NACOGDOCHES, Texas — History and innovation merged in a new project between Stephen F. Austin State University interior design students and members of the Charles and Lois Marie Bright Foundation and City of Nacogdoches.
Since fall 2017, interior design students have been working to create renovation proposals for the historical Mahdeen-Wyatt Building, located on East Pilar Street. German architect Diedrich Rulfs designed this three-story building in 1918, and it was constructed with locally made bricks from the banks of Banita Creek, according to the 2007 national register information from the SFA Center for Regional Heritage Research.
In its heyday, the Mahdeen Company used the building’s basement and third floor to produce hair tonic, while the first and second floors were used as a car dealership, according to research from the SFA Center for Regional Heritage and Research. The Bright Foundation is in the process of purchasing the building.
Students in a course taught by Sally Ann Swearingen, SFA associate professor in the School of Human Sciences, were divided into three teams to research and create proposals to breathe new life into the building. The class worked with city officials, the Nacogdoches Economic Development Corporation, Nacogdoches Main Street program, engineers, and security and information technology professionals.
“Each year, the capstone interior design course takes on a project that would either benefit the community or SFA. This year, I selected a large-scale empty building downtown that would benefit everyone,” Swearingen said.
Teams conducted surveys and site, budget and building analyses. This spring, students devoted their efforts to compiling their research and constructing renderings of their design ideas.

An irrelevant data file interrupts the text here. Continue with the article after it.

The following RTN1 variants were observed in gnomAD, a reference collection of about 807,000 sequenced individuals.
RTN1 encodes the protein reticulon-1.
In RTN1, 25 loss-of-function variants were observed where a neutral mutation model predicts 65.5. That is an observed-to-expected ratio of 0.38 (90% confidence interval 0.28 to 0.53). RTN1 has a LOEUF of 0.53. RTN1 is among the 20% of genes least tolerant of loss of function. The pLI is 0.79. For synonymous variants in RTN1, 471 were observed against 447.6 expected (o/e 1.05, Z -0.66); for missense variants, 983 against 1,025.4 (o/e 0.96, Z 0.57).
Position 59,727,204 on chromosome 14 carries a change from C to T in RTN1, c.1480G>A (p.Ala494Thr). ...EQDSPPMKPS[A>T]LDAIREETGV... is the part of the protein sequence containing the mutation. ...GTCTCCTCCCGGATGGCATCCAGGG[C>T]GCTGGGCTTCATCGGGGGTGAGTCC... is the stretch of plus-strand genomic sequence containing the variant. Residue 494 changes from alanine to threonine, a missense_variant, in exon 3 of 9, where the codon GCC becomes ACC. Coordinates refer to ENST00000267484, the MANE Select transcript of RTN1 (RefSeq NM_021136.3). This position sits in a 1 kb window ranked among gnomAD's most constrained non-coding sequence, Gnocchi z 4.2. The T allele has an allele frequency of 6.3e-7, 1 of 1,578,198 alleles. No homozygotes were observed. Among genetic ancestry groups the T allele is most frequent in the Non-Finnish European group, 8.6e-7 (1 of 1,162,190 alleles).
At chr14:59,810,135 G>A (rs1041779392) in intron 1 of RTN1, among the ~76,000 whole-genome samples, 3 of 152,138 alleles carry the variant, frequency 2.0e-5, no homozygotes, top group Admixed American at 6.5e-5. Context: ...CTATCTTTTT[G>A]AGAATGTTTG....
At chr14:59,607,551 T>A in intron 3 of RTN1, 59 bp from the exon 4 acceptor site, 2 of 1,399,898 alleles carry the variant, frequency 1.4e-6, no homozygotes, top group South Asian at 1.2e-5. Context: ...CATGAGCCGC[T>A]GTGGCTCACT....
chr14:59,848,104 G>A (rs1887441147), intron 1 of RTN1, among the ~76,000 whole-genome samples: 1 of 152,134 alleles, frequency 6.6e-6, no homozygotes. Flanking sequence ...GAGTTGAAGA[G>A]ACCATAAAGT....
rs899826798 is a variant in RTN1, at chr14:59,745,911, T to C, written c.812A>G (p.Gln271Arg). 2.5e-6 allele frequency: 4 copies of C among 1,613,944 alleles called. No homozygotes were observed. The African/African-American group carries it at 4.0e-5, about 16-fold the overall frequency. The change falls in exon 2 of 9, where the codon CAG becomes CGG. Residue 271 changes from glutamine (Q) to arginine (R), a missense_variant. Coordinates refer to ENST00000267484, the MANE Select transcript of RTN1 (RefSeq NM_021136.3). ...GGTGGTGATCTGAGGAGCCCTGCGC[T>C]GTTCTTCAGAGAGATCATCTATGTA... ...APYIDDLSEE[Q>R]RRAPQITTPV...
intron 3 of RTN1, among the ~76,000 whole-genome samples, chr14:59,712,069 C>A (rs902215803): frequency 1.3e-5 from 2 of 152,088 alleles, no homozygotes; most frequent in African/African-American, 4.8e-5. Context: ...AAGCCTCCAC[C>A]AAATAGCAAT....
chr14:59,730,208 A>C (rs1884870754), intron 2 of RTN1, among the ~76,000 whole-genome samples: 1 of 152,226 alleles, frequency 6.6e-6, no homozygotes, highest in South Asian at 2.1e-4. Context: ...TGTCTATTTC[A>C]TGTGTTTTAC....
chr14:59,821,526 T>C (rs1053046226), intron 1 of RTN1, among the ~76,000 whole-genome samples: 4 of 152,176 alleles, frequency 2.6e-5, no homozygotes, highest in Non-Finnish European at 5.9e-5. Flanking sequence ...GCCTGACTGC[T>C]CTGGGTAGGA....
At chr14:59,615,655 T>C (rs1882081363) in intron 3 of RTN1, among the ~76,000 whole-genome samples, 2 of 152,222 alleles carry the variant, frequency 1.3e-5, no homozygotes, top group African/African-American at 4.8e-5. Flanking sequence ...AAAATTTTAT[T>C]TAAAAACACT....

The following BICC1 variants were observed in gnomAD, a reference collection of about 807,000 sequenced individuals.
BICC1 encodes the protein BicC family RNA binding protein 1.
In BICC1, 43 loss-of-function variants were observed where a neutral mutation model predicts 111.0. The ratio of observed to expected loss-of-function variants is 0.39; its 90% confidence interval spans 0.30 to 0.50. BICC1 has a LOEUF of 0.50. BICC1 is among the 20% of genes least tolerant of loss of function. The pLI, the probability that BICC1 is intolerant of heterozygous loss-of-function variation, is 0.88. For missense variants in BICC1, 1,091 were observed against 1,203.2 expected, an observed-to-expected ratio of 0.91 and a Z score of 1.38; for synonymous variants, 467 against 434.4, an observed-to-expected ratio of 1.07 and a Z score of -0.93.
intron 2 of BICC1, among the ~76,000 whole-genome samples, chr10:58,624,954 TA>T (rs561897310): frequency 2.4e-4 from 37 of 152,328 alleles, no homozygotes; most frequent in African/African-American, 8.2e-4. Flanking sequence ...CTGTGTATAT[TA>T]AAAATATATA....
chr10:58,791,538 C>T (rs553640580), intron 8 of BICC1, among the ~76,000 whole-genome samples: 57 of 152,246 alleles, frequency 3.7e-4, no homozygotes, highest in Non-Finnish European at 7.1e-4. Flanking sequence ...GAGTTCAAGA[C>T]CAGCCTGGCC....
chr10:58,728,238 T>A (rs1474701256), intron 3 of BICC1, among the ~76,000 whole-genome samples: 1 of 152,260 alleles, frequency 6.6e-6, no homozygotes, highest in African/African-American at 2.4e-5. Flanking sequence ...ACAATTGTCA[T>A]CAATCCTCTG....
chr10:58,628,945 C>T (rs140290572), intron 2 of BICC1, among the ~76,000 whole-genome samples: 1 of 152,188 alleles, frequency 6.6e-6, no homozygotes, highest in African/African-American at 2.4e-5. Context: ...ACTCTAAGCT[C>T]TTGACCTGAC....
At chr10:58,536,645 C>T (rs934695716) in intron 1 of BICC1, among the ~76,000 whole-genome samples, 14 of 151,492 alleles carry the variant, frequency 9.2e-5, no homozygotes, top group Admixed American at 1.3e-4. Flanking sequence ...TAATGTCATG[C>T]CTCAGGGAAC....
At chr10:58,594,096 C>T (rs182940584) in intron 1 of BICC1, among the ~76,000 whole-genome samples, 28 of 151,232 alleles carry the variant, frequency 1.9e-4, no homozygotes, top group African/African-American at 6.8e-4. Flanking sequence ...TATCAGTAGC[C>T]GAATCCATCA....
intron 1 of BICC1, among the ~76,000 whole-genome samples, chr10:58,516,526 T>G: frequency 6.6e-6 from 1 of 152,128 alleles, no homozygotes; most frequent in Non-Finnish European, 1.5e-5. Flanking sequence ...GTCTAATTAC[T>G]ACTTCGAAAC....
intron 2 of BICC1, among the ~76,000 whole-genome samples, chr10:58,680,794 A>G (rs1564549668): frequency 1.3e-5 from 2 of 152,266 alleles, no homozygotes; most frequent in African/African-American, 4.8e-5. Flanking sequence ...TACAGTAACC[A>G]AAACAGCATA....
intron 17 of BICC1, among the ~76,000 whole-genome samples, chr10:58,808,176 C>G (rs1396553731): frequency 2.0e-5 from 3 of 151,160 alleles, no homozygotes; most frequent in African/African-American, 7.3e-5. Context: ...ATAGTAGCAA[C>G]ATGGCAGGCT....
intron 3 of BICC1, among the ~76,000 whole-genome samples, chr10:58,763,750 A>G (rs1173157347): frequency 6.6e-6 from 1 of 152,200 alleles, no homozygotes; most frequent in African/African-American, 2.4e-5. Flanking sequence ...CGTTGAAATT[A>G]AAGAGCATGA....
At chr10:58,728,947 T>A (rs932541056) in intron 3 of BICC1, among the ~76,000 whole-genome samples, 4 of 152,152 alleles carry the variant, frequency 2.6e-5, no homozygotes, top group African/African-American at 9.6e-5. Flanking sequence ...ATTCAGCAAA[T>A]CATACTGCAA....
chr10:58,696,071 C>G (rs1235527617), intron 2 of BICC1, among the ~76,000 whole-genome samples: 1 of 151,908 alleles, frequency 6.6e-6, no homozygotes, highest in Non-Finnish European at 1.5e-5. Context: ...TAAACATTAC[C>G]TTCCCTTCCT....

“Students utilized the tools they have learned from all their courses,” Swearingen said. “This project assists students in understanding the entire process an interior design or architectural firm would go through to sell the client on a proposal for a building.”
At the end of the spring semester, teams presented their proposals to Stanley Jones, Greg Williams and Bill Early from the Bright Foundation; Brian Bray and Hanna Andersen from the City of Nacogdoches; and Judy McDonald, former Nacogdoches mayor and former NEDCO director.
“This project has two purposes — to teach or reinforce the design process through a possible real-life project and helping the community with ideas of what could possibly go into the building with evidence-based design,” Swearingen said.
Based on their research, one team suggested turning the first floor of the building into a retail space that includes a shop, restaurant, bar and a facility for painting parties. The team also proposed renovating the second and third floors as luxury apartments.
“We wanted to keep the historical integrity of the building,” said Olivia Bufalini, senior interior design major from Houston. “Our research showed there is a need for more areas to socialize downtown. Our plan seeks to make the building efficient, sustainable and fun for visitors.”
Students visited Georgetown, Texas, which is one of the busiest and most profitable downtown districts in the state, to see what makes them so successful, Swearingen explained. The class also toured Waco’s spice market, and each team chose another downtown area to explore.
For more information about SFA’s interior design program, visit sfasu.edu/hms/103.asp.